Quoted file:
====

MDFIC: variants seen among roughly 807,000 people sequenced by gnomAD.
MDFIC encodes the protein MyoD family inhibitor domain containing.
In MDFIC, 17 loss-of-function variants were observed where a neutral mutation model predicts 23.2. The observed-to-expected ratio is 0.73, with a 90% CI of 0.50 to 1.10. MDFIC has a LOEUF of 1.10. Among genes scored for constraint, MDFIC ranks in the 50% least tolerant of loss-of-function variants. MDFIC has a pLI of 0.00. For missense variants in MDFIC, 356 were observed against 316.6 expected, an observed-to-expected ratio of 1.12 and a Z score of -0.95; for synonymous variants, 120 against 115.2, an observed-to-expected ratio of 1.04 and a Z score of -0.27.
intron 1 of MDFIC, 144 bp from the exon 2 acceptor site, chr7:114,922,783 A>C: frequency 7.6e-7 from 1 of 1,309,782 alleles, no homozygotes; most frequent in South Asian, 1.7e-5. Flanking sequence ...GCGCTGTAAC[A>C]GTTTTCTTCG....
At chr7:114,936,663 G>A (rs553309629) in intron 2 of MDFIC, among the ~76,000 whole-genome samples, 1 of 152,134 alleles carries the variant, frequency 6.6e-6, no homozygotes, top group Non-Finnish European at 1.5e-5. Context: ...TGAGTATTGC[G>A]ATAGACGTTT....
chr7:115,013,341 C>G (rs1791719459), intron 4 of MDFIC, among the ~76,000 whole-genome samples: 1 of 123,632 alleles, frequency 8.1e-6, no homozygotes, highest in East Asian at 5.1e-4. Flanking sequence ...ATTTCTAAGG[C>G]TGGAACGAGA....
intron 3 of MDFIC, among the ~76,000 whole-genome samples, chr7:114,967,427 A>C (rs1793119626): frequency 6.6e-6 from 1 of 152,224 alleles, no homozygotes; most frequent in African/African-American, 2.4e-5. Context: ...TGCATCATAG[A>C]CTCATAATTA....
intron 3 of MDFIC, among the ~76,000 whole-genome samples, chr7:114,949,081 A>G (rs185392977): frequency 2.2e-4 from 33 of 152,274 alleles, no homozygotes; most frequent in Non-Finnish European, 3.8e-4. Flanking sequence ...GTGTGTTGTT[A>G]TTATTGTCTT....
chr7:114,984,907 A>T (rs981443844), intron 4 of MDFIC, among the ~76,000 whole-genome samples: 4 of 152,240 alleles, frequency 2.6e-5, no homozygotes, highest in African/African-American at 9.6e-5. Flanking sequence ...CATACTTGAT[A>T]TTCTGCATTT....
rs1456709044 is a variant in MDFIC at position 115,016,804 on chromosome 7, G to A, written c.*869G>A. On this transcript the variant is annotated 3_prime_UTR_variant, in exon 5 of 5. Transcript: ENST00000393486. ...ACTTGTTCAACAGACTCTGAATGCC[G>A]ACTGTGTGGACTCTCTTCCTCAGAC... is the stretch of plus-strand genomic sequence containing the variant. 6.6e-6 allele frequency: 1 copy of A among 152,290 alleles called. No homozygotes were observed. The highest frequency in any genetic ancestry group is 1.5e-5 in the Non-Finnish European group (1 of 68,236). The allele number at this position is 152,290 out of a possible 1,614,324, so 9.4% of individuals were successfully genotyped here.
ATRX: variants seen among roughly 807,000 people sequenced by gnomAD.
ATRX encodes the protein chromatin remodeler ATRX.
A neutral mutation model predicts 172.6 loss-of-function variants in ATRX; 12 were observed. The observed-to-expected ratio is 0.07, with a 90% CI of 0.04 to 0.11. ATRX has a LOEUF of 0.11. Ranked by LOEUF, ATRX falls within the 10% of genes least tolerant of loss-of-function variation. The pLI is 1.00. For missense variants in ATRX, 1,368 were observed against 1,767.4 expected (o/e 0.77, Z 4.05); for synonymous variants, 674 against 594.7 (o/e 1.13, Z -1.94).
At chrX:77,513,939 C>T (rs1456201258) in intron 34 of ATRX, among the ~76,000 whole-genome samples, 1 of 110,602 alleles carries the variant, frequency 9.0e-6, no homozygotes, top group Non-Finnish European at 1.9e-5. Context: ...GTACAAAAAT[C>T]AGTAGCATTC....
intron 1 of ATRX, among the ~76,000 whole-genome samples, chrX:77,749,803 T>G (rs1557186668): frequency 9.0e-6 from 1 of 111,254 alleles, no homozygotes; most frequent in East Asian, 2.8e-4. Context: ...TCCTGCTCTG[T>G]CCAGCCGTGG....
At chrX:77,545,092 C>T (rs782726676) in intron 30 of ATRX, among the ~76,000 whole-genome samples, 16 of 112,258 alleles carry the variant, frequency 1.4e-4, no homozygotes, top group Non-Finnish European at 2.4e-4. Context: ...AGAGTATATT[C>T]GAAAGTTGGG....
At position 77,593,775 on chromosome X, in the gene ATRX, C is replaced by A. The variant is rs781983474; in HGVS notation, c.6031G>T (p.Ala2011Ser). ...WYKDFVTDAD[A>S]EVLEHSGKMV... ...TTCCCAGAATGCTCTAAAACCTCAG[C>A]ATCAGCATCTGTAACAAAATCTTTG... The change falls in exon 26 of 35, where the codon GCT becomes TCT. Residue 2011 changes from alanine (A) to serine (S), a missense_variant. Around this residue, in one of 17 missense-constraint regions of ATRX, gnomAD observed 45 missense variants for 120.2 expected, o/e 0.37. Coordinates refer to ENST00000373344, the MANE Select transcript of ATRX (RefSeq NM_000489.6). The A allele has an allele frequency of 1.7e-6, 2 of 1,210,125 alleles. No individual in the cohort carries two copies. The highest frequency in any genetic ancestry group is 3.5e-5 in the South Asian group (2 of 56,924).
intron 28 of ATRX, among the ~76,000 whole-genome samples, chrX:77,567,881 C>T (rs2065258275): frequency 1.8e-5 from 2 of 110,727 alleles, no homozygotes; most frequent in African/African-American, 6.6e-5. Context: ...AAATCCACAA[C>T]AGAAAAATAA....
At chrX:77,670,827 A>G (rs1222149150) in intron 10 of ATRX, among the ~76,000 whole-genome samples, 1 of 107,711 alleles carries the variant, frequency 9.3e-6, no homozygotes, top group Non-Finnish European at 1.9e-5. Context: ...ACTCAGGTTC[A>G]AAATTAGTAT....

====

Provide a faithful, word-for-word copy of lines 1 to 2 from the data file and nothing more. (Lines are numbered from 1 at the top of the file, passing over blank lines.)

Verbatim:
MDFIC: variants seen among roughly 807,000 people sequenced by gnomAD.
MDFIC encodes the protein MyoD family inhibitor domain containing.